Brittle Fracture Assessments of Offshore PSVs

Subramanian, K., Penso, J., McVinnie, G., Garic, G.


Pressure safety relief valve needs to be designed and operated to assure metal temperatures are not lower than the Minimum Allowable Temperature (MAT) to prevent brittle fractures. Design and fitness for service codes include general procedures to prevent brittle fractures. Design procedures in the codes are very conservative whereas fitness for service codes in some cases lack details. In the absence of a detailed brittle fracture assessment procedure for valves subject to significant low temperatures as a result of either Joule-Thompson effect or auto-refrigeration, an approach involving pressure based stress ratio method of ASME/API 579, Part 3 has been adopted and implemented. The initial and very conservative approach involved a worst case combination of the upstream pressure while calculating the stress ratio and a comparison of the newly established MAT with the downstream temperature. This conservative approach resulted in the disqualification of numerous PSVs studied in this work. Valve replacement and associated lost production time leads to high costs. A sophisticated and appropriately conservative brittle fracture assessment approach involving the use of computational fluid dynamics (CFD) followed by finite element method analysis (FEA) based stress analysis was adopted based on the concepts defined in ASME/API 579 and is presented in this paper.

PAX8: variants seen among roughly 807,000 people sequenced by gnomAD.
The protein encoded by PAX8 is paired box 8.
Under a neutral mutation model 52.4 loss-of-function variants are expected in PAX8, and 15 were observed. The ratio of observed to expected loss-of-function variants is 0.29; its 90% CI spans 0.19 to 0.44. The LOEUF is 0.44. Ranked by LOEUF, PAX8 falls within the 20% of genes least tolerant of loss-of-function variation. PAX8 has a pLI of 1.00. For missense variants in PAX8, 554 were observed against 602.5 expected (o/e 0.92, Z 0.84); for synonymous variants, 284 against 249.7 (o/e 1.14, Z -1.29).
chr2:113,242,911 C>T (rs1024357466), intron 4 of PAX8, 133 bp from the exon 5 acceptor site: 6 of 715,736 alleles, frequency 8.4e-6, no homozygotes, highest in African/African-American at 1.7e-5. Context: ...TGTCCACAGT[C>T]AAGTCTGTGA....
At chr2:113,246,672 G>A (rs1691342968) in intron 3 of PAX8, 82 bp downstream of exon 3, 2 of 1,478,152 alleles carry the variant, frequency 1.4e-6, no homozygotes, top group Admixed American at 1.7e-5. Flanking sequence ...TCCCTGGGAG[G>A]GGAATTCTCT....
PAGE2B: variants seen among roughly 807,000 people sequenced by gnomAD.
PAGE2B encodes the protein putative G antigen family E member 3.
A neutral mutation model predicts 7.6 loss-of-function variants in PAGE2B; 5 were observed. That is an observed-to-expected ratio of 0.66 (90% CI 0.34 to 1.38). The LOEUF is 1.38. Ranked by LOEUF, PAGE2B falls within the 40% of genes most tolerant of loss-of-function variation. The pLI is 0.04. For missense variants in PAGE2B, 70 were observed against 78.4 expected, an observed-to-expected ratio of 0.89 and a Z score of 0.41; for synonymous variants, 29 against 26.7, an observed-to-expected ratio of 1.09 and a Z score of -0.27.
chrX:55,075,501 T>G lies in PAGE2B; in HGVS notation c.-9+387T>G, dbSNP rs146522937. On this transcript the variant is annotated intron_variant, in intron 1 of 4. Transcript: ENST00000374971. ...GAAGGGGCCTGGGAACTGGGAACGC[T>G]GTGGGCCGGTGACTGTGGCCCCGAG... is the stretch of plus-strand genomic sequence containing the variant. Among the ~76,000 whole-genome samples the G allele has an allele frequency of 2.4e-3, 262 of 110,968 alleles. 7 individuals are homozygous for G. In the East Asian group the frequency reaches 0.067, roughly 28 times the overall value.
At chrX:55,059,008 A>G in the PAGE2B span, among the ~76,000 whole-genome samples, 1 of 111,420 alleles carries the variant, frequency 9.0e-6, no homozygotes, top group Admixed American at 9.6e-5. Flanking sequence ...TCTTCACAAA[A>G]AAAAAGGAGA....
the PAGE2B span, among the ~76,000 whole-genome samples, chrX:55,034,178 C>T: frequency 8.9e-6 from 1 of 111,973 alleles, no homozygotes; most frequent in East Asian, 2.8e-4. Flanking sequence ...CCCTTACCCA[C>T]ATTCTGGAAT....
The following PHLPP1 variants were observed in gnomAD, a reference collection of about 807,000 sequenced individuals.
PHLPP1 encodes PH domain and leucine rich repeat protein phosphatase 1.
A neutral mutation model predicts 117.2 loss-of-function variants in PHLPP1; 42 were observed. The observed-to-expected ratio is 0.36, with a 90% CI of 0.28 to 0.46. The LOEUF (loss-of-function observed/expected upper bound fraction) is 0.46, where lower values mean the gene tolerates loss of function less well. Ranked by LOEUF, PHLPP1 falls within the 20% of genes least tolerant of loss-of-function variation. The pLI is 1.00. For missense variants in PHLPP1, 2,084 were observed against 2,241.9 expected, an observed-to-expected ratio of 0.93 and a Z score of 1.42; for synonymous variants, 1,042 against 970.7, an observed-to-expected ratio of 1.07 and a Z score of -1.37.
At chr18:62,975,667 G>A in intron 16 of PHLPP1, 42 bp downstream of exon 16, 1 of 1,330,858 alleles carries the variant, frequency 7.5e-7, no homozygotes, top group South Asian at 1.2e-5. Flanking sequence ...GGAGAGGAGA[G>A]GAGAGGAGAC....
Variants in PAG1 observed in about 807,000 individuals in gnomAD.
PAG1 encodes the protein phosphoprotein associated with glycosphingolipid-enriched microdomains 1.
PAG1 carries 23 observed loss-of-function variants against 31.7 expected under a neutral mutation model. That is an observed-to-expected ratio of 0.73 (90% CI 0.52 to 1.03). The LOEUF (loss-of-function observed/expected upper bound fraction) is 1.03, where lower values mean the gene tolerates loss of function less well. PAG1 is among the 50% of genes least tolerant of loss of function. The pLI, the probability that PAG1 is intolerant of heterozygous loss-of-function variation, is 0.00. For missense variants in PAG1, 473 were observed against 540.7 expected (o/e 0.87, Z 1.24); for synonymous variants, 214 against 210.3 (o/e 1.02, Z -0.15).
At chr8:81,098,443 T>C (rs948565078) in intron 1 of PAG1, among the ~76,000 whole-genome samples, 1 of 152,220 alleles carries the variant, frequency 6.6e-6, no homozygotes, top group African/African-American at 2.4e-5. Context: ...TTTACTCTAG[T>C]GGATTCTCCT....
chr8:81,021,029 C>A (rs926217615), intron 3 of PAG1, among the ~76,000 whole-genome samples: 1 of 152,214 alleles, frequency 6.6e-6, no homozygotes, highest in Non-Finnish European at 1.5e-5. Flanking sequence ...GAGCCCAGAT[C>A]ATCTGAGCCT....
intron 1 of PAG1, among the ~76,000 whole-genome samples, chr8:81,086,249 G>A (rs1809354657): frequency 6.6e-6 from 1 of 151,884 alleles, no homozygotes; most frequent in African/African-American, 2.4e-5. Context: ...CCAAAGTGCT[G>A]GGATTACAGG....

Predictive CFD analysis establishes more realistic temperatures and pressures in relation to the actual operating conditions. The CFD predicted pressure and temperature field is used to determine the stresses in the valve body using FEA methods. The stress analysis is followed by an intermediate brittle fracture assessment based on the procedures described in API 579 Part 3 using the actual PSV body metal temperatures and stresses established using the stress analysis. A discussion on the allowable stresses and stress components to be used in this intermediate assessment is also presented. If the PSVs cannot be qualified with this intermediate brittle fracture assessment, fracture mechanics evaluations are carried out to establish the limiting flaw sizes for the valves. In addition, the flaw tolerances of the valves are also established using reference flaw approach described in API 579, Part 9.


Subramanian, K., Penso, J., McVinnie, G., Garic, G., “Brittle Fracture Assessments of Offshore PSVs,” Proceedings of the ASME 2014 Pressure Vessels & Piping Division Conference, The Anaheim, California,  July 20-24, 2014